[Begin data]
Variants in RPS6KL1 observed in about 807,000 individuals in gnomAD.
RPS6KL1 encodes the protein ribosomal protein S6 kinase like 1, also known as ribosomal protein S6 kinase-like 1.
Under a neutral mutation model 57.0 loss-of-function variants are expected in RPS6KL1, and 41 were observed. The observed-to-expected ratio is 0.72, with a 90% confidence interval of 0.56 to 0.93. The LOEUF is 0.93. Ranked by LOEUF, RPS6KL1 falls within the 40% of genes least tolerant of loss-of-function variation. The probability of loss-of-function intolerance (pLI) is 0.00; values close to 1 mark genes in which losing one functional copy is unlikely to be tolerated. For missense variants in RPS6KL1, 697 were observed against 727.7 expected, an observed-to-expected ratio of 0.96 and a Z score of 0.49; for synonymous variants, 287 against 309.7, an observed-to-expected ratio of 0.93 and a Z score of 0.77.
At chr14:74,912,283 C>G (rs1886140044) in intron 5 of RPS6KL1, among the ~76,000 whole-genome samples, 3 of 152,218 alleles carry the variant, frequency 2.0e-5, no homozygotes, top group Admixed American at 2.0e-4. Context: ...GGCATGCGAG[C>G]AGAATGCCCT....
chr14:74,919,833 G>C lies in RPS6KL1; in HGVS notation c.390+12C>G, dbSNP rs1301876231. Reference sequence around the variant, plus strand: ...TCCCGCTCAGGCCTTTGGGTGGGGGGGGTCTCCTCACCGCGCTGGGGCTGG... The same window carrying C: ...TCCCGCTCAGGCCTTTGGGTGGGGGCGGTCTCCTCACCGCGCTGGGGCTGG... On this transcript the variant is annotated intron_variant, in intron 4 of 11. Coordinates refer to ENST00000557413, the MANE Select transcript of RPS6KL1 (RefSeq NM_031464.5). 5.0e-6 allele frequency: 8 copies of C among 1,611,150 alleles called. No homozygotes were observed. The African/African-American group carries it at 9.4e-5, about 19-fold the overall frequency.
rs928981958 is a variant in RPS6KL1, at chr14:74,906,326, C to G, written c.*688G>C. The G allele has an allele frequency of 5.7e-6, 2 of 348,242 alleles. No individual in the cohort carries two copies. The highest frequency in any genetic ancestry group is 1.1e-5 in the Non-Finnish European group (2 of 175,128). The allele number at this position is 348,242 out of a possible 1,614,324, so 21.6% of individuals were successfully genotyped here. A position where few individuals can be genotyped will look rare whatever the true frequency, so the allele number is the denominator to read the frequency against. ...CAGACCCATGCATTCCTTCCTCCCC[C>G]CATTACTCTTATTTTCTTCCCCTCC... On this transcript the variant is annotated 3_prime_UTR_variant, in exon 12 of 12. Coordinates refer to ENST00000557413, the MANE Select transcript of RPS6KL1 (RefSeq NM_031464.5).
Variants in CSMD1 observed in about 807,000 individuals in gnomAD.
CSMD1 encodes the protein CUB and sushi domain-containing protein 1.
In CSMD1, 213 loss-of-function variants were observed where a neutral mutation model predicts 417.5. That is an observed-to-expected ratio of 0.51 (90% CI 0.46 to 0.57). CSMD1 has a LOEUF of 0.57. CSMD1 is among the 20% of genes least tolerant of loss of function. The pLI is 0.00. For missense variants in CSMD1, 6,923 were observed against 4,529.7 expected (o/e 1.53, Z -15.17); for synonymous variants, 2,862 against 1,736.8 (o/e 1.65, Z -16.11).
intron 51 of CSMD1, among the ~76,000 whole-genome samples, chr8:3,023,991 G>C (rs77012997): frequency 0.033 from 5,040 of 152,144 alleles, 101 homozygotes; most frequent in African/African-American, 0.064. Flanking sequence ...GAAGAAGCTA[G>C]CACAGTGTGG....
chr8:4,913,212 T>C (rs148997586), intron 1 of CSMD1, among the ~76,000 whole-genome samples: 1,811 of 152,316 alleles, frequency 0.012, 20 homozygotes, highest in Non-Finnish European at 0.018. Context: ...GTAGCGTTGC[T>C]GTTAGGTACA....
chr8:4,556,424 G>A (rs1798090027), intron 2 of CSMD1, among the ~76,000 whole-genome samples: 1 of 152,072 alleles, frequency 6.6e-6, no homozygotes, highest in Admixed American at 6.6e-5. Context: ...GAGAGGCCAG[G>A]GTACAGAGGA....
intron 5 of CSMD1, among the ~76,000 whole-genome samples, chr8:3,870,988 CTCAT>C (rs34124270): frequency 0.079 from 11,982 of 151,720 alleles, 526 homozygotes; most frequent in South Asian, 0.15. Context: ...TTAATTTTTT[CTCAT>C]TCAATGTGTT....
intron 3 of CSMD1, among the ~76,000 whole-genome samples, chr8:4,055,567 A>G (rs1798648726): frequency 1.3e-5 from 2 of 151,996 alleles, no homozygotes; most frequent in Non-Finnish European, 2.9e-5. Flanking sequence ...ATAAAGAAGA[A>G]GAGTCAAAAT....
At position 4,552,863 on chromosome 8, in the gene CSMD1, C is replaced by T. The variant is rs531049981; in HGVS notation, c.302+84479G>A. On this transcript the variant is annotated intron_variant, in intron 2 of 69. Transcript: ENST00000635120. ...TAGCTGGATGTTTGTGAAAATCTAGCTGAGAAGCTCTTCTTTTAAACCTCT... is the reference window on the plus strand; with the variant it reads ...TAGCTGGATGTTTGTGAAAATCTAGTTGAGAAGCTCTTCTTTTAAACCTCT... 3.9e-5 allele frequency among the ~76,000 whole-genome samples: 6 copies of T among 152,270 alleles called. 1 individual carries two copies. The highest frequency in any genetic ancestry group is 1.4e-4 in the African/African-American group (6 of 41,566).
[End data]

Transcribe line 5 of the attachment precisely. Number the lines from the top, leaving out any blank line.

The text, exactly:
chr14:74,919,833 G>C lies in RPS6KL1; in HGVS notation c.390+12C>G, dbSNP rs1301876231. Reference sequence around the variant, plus strand: ...TCCCGCTCAGGCCTTTGGGTGGGGGGGGTCTCCTCACCGCGCTGGGGCTGG... The same window carrying C: ...TCCCGCTCAGGCCTTTGGGTGGGGGCGGTCTCCTCACCGCGCTGGGGCTGG... On this transcript the variant is annotated intron_variant, in intron 4 of 11. Coordinates refer to ENST00000557413, the MANE Select transcript of RPS6KL1 (RefSeq NM_031464.5). 5.0e-6 allele frequency: 8 copies of C among 1,611,150 alleles called. No homozygotes were observed. The African/African-American group carries it at 9.4e-5, about 19-fold the overall frequency.